FIG. 9 is a plot of the resistance of and current through a first sample of doped microcrystalline silicon while exposed to light.

FIG. 10 is a plot of the resistance of and current through the first sample of doped microcrystalline silicon while unexposed to light.

FIG. 11 is a plot of the resistance of and current through a second sample of undoped microcrystalline silicon while exposed to light.

FIG. 12 is a plot of the resistance of and current through the second sample of undoped microcrystalline silicon while unexposed to light.

FIG. 13 is a block diagram of a video receiver and display device that incorporates the present invention.

DETAILED DESCRIPTION OF THE INVENTION

FIG. 2 is a cross-sectional view of a portion of a cold-cathode field emission display 26 according to one aspect of the present invention. A conductive layer 28 is formed on a substrate 30. In one aspect of the invention, the conductive layer 28 is a metal layer, and the substrate 30 is formed from silicon. In other aspects of the invention, the substrate 30 may be formed in a conventional manner from a glass such as Corning 7059, from soda lime, or from a plastic. A resistive layer 32 is formed on the conductive layer 28. One or more cold-cathode emitters 34 are formed on the resistive layer 32. For clarity, only one emitter 34 is shown. An insulating layer 36 is also formed on the resistive layer 32, and cavities are formed in the insulating layer 36 to accommodate the emitters 34. A conductive extraction grid 38 is formed on the insulating layer 36. An anode 40, which acts as a display screen, is spaced a predetermined distance from the extraction grid 38 and has a cathodoluminescent coating 42 formed on an inner surface thereof.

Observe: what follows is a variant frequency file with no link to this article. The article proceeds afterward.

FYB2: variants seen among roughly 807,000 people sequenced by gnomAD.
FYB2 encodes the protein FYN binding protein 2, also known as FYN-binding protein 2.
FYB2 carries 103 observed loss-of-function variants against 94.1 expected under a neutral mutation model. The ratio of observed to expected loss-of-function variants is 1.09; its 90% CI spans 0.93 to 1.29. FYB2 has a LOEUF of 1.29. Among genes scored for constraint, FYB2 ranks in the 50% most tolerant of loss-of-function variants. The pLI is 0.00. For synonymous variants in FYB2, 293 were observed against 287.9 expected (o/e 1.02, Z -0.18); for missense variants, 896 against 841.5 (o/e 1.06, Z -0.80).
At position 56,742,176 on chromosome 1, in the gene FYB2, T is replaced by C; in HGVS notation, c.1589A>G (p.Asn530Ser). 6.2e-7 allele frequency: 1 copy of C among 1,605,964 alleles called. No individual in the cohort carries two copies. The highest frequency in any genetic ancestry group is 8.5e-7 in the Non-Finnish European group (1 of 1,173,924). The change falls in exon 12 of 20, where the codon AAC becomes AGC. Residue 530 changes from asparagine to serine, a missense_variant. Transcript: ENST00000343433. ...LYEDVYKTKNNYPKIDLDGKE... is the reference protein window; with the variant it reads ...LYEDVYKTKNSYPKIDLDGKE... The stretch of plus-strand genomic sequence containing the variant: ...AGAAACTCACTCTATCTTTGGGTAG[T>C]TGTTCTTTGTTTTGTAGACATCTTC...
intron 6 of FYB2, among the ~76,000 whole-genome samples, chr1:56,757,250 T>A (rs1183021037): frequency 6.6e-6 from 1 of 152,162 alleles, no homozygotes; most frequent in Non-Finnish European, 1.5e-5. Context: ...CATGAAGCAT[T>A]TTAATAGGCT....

In one aspect of the invention, the resistive layer 32 has a level of resistivity which varies less than approximately 10% while exposed to fluctuating optical energy. Typically, the resistive layer 32 provides approximately 1×106-1×1010 ohms (Ω) resistance between the conductive layer 28 and each emitter 34. This range of resistance limits the current passing through each emitter 34 to approximately 1 nanoamp (nA), and limits the total current drawn by the display 26 to approximately 0.1 mA.

In operation, when a voltage difference of approximately 1000 volts (V) is applied between the anode 40 and the substrate 30, and a voltage of approximately 100 V is applied to the extraction grid 38, electrons will flow from the conductive layer 28, through the resistive layer 32, and out from the tips of the emitters 34. The emitted electrons then strike the cathodoluminescent coating 42, which generates visible light or luminance. Some of this light may strike the resistive layer 32. However, in accordance with the invention, the resistivity of the resistive layer 32 will remain relatively stable even while exposed to varying intensities of light from the cathodoluminescent coating 42 or from other sources.